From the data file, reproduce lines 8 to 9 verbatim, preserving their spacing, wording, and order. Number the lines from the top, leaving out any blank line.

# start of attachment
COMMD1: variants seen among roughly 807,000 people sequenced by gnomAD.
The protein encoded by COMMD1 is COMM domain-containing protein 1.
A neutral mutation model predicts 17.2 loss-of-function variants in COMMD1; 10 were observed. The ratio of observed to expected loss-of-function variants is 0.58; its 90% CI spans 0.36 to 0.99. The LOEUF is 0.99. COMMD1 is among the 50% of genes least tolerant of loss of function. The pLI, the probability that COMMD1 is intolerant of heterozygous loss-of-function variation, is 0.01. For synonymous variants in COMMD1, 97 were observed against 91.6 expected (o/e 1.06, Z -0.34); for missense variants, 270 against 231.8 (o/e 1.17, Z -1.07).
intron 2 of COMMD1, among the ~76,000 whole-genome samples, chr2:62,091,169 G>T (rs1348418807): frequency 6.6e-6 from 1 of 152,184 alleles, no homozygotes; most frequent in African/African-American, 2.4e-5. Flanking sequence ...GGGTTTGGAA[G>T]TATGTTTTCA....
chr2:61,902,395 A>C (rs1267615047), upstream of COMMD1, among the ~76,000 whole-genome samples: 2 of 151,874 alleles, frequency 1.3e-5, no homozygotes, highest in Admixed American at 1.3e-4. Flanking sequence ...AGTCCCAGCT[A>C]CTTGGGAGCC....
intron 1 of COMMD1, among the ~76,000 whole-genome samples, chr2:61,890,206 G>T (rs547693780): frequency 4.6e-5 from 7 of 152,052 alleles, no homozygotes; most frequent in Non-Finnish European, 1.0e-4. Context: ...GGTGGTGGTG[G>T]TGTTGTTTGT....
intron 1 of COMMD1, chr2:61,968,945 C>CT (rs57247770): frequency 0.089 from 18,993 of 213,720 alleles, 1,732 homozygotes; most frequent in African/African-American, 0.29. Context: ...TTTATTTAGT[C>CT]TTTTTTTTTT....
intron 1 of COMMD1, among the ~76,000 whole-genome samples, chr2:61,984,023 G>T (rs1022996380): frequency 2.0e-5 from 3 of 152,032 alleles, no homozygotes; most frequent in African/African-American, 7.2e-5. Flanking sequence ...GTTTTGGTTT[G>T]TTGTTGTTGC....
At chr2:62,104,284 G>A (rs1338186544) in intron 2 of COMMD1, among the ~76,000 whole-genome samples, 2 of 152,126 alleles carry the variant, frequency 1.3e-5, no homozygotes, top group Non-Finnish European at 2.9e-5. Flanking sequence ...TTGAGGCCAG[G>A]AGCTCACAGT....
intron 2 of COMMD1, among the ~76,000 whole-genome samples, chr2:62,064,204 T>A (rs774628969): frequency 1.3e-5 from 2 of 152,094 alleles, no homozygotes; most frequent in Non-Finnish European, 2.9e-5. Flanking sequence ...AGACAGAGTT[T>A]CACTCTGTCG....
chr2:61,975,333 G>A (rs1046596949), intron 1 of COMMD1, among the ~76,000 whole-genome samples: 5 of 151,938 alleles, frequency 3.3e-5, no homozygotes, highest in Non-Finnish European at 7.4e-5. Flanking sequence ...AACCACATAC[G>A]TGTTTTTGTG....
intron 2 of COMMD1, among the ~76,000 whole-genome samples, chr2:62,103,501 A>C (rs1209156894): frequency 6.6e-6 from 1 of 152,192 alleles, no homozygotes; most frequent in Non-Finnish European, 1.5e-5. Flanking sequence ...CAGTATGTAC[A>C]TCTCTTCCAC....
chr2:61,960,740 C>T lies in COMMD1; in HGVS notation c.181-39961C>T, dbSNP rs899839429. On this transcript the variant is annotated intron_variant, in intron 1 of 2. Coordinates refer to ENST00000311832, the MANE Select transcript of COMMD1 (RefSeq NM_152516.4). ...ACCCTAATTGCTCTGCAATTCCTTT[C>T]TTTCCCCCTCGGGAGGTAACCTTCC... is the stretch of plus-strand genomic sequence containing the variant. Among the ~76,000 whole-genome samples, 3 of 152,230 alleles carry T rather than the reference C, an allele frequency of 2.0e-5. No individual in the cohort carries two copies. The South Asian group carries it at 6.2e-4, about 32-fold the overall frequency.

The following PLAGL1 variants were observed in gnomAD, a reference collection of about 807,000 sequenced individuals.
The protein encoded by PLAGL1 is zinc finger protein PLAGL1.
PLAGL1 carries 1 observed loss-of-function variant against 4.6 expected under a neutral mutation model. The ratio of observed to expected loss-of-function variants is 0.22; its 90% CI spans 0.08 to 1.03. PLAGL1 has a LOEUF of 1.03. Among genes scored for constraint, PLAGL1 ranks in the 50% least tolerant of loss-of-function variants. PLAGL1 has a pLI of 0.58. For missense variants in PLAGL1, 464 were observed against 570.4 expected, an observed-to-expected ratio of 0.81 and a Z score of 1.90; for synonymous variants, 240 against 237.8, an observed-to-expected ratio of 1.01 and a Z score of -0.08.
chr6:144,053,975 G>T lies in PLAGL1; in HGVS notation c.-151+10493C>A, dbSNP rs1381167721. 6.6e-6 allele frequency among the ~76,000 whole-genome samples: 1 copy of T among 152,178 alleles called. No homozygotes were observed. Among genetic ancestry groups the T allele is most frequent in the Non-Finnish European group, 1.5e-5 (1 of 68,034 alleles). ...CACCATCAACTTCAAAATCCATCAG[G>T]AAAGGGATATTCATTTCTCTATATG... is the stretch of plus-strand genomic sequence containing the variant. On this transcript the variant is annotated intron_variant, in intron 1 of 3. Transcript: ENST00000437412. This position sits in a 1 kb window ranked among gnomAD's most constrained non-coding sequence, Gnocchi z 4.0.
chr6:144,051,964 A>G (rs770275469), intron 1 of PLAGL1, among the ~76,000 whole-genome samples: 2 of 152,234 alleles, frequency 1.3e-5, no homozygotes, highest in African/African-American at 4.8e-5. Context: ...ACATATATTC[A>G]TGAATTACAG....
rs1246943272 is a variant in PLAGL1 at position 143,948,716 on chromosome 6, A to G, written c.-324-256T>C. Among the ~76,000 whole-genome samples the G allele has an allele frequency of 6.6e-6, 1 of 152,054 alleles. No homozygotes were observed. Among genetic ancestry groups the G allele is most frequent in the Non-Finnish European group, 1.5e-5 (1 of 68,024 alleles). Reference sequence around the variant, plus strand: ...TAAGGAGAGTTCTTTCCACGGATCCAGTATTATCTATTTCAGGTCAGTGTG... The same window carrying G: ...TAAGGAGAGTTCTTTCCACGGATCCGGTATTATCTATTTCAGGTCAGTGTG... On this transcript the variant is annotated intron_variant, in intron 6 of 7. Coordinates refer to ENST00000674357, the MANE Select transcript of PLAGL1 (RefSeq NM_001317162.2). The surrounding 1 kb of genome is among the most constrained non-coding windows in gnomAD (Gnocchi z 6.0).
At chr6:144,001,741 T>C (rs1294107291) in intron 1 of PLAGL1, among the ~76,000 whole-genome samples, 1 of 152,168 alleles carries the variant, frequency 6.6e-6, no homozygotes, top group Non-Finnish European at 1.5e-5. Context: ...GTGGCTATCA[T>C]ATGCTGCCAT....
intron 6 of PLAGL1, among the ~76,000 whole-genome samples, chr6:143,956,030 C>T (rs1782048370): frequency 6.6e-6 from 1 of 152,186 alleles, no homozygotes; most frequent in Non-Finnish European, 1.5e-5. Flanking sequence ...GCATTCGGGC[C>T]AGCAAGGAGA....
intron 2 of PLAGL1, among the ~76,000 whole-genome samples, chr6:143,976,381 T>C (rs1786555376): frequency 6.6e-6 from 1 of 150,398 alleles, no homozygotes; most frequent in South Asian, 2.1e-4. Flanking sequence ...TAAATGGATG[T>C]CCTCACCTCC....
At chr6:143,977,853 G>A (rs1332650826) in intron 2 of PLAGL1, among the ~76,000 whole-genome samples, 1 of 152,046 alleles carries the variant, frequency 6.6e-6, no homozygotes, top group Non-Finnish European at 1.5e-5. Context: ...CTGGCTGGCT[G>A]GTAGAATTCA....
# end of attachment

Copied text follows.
intron 1 of COMMD1, among the ~76,000 whole-genome samples, chr2:61,984,023 G>T (rs1022996380): frequency 2.0e-5 from 3 of 152,032 alleles, no homozygotes; most frequent in African/African-American, 7.2e-5. Flanking sequence ...GTTTTGGTTT[G>T]TTGTTGTTGC....
At chr2:62,104,284 G>A (rs1338186544) in intron 2 of COMMD1, among the ~76,000 whole-genome samples, 2 of 152,126 alleles carry the variant, frequency 1.3e-5, no homozygotes, top group Non-Finnish European at 2.9e-5. Flanking sequence ...TTGAGGCCAG[G>A]AGCTCACAGT....